Current testing methodology is v1.2
July 25, 2022
Tapio I Pro
17.52″ x 5.20″ x 4.72″
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Admittedly, I’ve never been a huge sound bar consumer. It’s not that I don’t think they’re an incredibly effective way of filling a room and improving your media, TV, and movie-watching experience, but I’ve always still gravitated to the full surround sound experience of at least a 2.1 or 5.1, and now 7.1 setups.
But I do have a TV in the studio, which is also used for gaming, and a bit of TV when everybody needs some separation from the kids. And the TV speakers are okay, but of course, you can always do better.
When Ultimea reached out asking about me looking at the Tapio I Pro, I was more than keen. It seemed that it would be a perfect addition to the studio TV, and provide some real lift to the audio experience.
Ultimea Tapio I Pro
A great budget sound bar that isn’t heavy on bass but will lift the sound of your TV to something much more enjoyable (plus it doubles as a BT speaker)
The Ultimea Tapio I Pro is a great little unit if you’re on a budget, plan to use it in a smaller room e.g. bedroom or need something that is affordable for both TV and Music.
While it doesn’t have a lot of bottom end punch it does really help clear up vocals and make TV watching easier.
You can pair it with your smart phone for use as a Bluetooth speaker also.
- Speaker Channel: 2.0
- Power Output: Main unit: 2 x 15 W
- Total System Peak power: 130 W
- Bluetooth® Version: 5.0
- Frequency Response: 50Hz-15KHz
- Adjustable EQ: Voice/General/Treble
- Inputs: HDMI ARC/AUX/USB/Optical
- Remote: Yes
What’s in the Box?
- Tapio I Pro Soundbar
- Optical Cable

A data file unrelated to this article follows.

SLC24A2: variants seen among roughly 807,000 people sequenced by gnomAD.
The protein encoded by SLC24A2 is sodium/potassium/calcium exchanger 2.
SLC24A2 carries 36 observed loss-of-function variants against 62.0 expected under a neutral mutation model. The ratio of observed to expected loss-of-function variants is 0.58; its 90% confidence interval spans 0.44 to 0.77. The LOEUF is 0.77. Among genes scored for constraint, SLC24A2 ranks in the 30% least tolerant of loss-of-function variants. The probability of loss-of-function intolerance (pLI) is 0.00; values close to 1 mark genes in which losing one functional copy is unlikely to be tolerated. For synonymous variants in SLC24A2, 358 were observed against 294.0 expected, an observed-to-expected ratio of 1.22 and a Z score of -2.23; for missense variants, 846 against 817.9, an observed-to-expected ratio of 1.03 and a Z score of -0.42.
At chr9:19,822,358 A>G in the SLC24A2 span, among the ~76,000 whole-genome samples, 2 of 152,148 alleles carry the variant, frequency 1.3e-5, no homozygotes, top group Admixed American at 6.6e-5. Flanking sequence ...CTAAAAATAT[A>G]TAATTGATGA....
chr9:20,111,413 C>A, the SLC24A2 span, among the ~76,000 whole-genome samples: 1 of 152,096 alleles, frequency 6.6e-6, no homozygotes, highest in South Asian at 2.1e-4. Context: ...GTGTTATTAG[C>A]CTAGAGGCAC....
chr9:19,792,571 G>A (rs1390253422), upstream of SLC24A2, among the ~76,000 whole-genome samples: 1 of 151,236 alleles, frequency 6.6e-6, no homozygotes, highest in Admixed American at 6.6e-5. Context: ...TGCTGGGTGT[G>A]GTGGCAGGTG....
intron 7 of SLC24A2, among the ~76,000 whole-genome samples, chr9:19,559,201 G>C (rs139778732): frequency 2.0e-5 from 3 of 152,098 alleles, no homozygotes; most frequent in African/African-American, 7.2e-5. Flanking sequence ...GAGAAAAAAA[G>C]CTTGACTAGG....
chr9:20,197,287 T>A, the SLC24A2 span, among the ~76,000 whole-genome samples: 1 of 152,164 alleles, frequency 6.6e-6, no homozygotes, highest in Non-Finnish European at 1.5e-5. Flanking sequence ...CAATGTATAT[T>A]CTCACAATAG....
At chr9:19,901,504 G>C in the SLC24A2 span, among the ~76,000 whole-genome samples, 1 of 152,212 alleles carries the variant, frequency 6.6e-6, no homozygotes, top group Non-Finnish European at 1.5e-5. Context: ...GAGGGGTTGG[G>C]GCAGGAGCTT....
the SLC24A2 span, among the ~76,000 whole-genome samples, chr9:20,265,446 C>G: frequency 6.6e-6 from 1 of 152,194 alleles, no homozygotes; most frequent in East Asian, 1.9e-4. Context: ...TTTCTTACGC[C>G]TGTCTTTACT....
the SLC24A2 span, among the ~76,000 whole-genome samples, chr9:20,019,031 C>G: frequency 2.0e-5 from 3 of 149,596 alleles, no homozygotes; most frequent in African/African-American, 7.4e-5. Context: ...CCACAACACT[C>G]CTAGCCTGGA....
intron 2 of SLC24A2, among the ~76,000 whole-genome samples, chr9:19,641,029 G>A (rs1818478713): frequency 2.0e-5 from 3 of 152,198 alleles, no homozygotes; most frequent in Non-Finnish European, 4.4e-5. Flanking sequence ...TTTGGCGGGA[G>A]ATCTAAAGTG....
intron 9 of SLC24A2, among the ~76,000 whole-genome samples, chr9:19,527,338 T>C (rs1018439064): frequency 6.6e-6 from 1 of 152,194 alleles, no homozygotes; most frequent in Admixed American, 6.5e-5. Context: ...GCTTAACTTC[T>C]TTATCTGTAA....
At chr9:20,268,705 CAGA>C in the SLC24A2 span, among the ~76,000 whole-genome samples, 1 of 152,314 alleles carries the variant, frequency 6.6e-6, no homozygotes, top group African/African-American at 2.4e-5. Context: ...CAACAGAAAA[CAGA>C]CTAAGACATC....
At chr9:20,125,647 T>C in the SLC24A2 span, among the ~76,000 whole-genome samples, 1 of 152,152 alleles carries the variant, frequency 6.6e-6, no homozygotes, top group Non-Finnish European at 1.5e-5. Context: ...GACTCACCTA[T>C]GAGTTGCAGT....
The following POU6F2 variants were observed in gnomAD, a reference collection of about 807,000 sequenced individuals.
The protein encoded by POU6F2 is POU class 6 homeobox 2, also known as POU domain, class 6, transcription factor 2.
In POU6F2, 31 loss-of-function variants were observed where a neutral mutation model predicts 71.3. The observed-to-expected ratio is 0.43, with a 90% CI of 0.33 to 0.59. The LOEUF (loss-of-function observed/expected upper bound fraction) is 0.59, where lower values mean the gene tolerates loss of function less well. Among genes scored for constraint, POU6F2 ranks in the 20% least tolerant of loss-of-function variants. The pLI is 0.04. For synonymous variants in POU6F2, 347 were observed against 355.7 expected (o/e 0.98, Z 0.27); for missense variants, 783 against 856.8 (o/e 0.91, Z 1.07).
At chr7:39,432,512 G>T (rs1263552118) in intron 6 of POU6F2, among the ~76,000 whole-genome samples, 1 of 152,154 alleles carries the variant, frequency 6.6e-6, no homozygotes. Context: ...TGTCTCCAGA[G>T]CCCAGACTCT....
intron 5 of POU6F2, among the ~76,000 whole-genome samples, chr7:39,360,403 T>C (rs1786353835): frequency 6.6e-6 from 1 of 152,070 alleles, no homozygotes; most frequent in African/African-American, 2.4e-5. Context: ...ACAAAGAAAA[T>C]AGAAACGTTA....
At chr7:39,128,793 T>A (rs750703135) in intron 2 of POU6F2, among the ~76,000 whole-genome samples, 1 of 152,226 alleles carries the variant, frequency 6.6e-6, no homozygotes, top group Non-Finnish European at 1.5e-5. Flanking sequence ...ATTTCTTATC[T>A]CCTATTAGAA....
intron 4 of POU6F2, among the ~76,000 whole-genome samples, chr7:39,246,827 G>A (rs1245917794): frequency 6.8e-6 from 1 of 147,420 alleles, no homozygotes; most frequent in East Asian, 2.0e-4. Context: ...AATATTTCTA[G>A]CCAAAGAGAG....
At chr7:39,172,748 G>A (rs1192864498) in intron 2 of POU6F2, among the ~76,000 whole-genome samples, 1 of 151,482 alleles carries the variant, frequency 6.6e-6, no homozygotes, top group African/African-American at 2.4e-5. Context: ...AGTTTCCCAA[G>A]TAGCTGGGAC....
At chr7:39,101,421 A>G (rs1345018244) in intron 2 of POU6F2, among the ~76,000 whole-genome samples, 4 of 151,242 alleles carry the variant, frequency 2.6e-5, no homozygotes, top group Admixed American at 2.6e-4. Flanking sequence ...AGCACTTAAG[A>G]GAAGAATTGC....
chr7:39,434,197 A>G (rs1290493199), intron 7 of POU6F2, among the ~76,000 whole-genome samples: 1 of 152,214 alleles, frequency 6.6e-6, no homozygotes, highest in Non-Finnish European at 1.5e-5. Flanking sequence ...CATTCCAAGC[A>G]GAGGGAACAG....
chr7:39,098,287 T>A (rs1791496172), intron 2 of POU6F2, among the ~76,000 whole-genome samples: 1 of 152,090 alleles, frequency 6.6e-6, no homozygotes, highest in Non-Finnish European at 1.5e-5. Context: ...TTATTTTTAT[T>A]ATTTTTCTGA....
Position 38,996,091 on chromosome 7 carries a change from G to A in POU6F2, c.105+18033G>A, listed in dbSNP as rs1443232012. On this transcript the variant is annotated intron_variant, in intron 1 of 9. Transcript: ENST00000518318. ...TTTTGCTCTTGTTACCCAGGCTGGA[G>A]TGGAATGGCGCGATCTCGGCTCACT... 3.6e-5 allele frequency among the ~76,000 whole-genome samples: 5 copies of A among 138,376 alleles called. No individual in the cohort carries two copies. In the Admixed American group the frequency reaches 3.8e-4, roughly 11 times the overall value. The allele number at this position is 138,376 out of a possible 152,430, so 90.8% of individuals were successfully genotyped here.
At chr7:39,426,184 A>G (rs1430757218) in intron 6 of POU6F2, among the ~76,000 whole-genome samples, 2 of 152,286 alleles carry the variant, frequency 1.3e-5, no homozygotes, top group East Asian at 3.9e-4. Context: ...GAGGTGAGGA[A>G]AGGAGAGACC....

- User Manual
- Mounting Kits
Stuff I like
- Good-looking unit and attractive finish
- Easy-to-access controls down the end of the soundbar
- Easy to setup
- Lot’s of connection options including Optical and HDMI
- Includes HDMI ARC
- Includes remote control and optical cable and 3.5mm RCA plugs.
- LED display tells you what mode you’re in – or you can turn it off
- Pretty decent sound and vocals are very clear
- Really awesome cheap price.
Stuff I like less
- HDMI cable not included – but you probably have one lying around anyway. Remember the price of this thing is affordable.
- Not as much bottom end as I was hoping for.
Initial impressions and assessments
When I first looked at the Tapio I Pro, and plugged it into the TV, I made some pretty quick assessments on who this soundbar is perfect for. Its size, form factor, and sound quality will suit certain situations combined with people’s budgets.
The first thing to note is that this soundbar is not a full-size, full-length soundbar, but it comes with everything that you’d expect from a TV soundbar.
Unboxing the Ultimea Tapio I Pro
The unboxing experience was good, and I think the surprise and delight experience came from the fact that this thing was better made and better equipped than I expected. On first opening the box, I noticed the easy-to-access controls down the end of the soundbar.
The overall finish of the unit was quite attractive, and the mounting options included a bracket for wall mount and for placement on a table or media counter with your TV, if it’s not wall-mounted. I was also initially impressed with the included accessories, which also included an optical cable, which I didn’t expect.
The setup was very easy, and the Tapio I Pro comes with an easy-to-follow wiring diagram sticker on the back of the unit itself, in addition to the user manual.
There are a few different ways you can connect this to your TV, and they do recommend that the best version is to do it via HDMI, and then select which channel on your TV will be the HDMI out for audio. You can also connect it through RCA cables or the included optical cable in the box.
The HDMI cable doesn’t come with this unit, but the other cables do. HDMI-out options are pretty common on most TVs, and I’ll include some screenshots here that show you what it looks like on mine.